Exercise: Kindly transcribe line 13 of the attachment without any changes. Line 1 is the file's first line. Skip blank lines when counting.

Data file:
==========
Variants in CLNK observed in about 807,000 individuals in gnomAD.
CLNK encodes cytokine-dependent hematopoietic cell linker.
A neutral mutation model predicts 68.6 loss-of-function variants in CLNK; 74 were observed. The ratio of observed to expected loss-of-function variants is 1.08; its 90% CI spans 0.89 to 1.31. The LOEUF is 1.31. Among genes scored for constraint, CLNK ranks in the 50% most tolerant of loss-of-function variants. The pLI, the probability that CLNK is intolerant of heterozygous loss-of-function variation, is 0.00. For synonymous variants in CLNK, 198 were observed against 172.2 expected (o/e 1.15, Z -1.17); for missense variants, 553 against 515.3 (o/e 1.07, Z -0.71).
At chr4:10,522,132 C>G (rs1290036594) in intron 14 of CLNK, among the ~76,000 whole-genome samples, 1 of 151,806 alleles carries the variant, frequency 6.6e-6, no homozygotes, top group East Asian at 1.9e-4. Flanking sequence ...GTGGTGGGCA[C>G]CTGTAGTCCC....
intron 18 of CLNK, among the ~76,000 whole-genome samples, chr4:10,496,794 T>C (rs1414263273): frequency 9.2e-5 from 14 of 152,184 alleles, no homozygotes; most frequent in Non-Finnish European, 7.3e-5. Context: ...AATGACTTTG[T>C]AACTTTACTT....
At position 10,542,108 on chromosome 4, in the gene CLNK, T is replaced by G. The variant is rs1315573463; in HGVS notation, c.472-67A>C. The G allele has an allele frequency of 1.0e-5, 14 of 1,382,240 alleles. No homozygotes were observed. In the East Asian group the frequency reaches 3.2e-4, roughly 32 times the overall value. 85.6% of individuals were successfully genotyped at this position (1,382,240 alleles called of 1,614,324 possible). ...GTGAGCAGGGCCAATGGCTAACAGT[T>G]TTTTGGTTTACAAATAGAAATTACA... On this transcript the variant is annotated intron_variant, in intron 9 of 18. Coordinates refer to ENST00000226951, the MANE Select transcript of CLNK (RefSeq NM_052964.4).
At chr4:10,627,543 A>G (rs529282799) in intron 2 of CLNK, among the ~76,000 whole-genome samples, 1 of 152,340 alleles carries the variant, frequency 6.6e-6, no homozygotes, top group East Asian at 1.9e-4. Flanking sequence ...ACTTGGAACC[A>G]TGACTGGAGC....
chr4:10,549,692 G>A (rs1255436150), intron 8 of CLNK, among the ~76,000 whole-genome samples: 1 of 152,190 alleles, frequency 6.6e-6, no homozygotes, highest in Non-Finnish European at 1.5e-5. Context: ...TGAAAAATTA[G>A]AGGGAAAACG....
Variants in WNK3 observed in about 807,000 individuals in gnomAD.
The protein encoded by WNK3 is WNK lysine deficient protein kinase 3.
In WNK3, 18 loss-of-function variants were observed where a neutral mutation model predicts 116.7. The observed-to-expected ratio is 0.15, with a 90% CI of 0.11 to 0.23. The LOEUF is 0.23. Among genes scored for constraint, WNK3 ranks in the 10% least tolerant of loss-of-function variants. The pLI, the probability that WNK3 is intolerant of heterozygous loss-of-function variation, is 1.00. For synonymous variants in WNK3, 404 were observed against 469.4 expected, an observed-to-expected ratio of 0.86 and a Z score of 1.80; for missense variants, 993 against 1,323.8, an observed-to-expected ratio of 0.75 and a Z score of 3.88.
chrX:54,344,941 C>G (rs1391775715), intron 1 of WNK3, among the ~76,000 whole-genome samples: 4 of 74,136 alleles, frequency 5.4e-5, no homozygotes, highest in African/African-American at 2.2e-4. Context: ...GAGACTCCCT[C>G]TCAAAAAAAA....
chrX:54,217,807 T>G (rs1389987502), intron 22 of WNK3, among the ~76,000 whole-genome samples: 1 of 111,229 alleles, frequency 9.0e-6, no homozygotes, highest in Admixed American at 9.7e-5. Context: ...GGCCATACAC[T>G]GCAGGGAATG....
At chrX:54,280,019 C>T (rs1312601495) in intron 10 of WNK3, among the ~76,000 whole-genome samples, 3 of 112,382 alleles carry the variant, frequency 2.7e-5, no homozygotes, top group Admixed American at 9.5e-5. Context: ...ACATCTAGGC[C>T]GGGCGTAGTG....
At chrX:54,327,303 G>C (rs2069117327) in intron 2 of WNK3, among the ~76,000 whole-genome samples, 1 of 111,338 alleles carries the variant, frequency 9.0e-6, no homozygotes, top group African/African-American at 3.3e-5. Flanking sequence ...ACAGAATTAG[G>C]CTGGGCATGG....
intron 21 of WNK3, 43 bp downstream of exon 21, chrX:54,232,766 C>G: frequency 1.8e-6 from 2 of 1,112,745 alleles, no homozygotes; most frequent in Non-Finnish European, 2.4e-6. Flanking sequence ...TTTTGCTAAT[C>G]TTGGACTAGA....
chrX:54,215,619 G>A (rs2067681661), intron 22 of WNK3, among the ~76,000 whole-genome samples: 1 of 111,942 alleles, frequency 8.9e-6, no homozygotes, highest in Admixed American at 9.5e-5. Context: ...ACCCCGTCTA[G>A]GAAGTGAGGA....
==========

chrX:54,217,807 T>G (rs1389987502), intron 22 of WNK3, among the ~76,000 whole-genome samples: 1 of 111,229 alleles, frequency 9.0e-6, no homozygotes, highest in Admixed American at 9.7e-5. Context: ...GGCCATACAC[T>G]GCAGGGAATG....